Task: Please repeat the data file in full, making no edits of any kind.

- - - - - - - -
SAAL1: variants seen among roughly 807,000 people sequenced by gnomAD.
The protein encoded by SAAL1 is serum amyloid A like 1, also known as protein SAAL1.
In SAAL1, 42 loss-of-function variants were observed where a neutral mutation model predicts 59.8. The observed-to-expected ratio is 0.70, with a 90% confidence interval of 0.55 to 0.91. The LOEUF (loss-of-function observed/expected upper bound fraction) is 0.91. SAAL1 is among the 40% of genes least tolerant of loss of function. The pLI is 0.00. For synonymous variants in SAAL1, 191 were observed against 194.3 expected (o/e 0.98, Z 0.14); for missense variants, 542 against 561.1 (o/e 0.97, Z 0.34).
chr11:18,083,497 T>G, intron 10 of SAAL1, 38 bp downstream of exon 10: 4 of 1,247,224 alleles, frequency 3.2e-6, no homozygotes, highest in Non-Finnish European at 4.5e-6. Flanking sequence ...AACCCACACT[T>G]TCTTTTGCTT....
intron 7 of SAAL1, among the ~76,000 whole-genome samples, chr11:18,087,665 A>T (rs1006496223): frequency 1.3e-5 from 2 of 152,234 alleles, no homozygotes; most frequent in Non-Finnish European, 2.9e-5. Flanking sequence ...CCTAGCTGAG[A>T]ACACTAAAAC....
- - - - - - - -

SAAL1: variants seen among roughly 807,000 people sequenced by gnomAD.
The protein encoded by SAAL1 is serum amyloid A like 1, also known as protein SAAL1.
In SAAL1, 42 loss-of-function variants were observed where a neutral mutation model predicts 59.8. The observed-to-expected ratio is 0.70, with a 90% confidence interval of 0.55 to 0.91. The LOEUF (loss-of-function observed/expected upper bound fraction) is 0.91. SAAL1 is among the 40% of genes least tolerant of loss of function. The pLI is 0.00. For synonymous variants in SAAL1, 191 were observed against 194.3 expected (o/e 0.98, Z 0.14); for missense variants, 542 against 561.1 (o/e 0.97, Z 0.34).
chr11:18,083,497 T>G, intron 10 of SAAL1, 38 bp downstream of exon 10: 4 of 1,247,224 alleles, frequency 3.2e-6, no homozygotes, highest in Non-Finnish European at 4.5e-6. Flanking sequence ...AACCCACACT[T>G]TCTTTTGCTT....
intron 7 of SAAL1, among the ~76,000 whole-genome samples, chr11:18,087,665 A>T (rs1006496223): frequency 1.3e-5 from 2 of 152,234 alleles, no homozygotes; most frequent in Non-Finnish European, 2.9e-5. Flanking sequence ...CCTAGCTGAG[A>T]ACACTAAAAC....